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|The Lord of the Rings: The Two Towers|
|Developer(s)||Stormfront Studios, Hypnos Entertainment|
Multiplayer (GBA version only)
|Media/distribution||1 × DVD
1 × GameCube disc
64 MB game cartridge
The Lord of the Rings: The Two Towers is a 2002 cross-platform video game based on Peter Jackson's New Line Cinema films The Lord of the Rings: The Fellowship of the Ring and The Lord of the Rings: The Two Towers. The title was one of the top selling console titles of 2002 and 2003, and was widely praised for its seamless transitions from actual film footage to interactive game play.
The game was developed for PlayStation 2 and Xbox by Stormfront Studios, and published by Electronic Arts, who also published a version of it for the Nintendo GameCube. In 2003, EA released the sequel The Lord of the Rings: The Return of the King.
The Two Towers allows players to portray Aragorn, Gimli, and Legolas (although Isildur is playable on the first level then unlocked once players complete the Tower of Orthanc level), (Aragorn, Legolas, Gandalf, Frodo or Éowyn in the GBA version. Gimli is also unlockable in multi-player mode) in a series of missions, many taken directly from either The Lord of the Rings: The Fellowship of the Ring or The Lord of the Rings: The Two Towers. Other missions, such as Fangorn Forest, are original pieces within the films' setting.
The Two Towers boasts many enemies from Goblins to Uruk-hai. Also Trolls and Wargs make their respective appearances through the progression of the game. The majority of levels end with a final more powerful boss enemy which the player must defeat. In the console version of the game, Merry and Pippin are not featured at all apart from cutscenes and references during the narration, and Sam has a few lines but is never shown onscreen. The game does not show Frodo and Sam's journey either. NPCs on the game include Gandalf the Grey, Gandalf the White, Frodo, Boromir, Elrond, and Haldir. These appear only in cutscenes or fight alongside your player during certain levels.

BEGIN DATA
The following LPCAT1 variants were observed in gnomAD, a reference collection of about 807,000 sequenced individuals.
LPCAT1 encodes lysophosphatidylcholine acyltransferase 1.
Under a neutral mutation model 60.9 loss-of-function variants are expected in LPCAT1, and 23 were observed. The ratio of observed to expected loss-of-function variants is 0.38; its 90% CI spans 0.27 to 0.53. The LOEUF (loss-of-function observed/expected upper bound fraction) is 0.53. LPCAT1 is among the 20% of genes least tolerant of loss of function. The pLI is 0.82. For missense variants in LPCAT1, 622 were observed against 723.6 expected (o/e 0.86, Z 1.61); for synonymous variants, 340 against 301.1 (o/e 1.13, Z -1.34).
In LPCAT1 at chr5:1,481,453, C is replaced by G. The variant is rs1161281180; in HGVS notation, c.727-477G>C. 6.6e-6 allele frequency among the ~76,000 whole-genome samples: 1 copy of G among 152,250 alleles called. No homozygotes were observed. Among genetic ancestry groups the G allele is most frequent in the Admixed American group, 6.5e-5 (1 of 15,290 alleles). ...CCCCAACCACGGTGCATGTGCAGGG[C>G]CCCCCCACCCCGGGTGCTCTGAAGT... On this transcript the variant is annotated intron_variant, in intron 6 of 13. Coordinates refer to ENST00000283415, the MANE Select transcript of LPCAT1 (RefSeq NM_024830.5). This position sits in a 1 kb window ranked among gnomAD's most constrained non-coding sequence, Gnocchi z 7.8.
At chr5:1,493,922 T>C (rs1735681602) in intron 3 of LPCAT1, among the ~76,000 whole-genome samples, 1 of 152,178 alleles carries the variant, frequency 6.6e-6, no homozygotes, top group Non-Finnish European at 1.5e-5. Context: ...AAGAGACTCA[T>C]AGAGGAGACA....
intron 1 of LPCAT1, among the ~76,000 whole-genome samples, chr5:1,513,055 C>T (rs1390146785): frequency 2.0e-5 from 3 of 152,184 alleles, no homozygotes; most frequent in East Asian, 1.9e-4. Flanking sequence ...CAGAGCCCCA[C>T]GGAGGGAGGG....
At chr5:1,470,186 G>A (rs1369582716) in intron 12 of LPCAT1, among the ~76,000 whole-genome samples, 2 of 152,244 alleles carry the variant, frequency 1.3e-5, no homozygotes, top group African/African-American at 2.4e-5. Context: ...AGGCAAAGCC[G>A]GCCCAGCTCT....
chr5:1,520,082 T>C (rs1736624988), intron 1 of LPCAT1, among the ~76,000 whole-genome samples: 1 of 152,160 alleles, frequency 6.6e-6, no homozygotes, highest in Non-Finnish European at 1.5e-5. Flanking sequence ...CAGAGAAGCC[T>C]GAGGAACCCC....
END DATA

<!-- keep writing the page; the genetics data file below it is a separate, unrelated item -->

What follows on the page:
The first level, the Slopes of Mt. Doom, sets the player in the final battle of the Siege of Barad-dûr. Isildur does battle with many orcs and after the level is completed, a cutscene shows how he defeats Sauron (though he does not truly perish) and takes the One Ring. Isildur is influenced by the Ring and refuses to destroy it when he has the chance. This is really a training level. Next, Aragorn and the hobbits approach Weathertop, a hill about midway between the Shire and Rivendell. They camp on the hill, but are attacked in the night by the Ringwraiths. Aragorn successfully drives them off, but not before Frodo is stabbed with a Morgul-blade.
After reluctantly agreeing to detour through Moria to continue the Quest of the Ring, the Fellowship travel to the Gates of Moria. Traveling through snow, rocky terrains and eventually marshy grounds, the companions make it to the Doors of Durin, but are soon attacked by the Watcher. After slaying the creature they continue into Moria. In a chamber in Moria, the Fellowship finds Balin's tomb. Soon after entering orcs can be heard rallying towards the room. After holding their ground and slaying many orcs, a cave troll arrives, but the collective efforts of the team defeat it; Frodo is speared in the chest by the troll, but he is saved by his mithril coat. The nine companions manage to get to the exit, but on their way to the Bridge of Khazad-dûm they are confronted by Durin's Bane, and Gandalf sacrifices himself to allow the others to get out of Moria.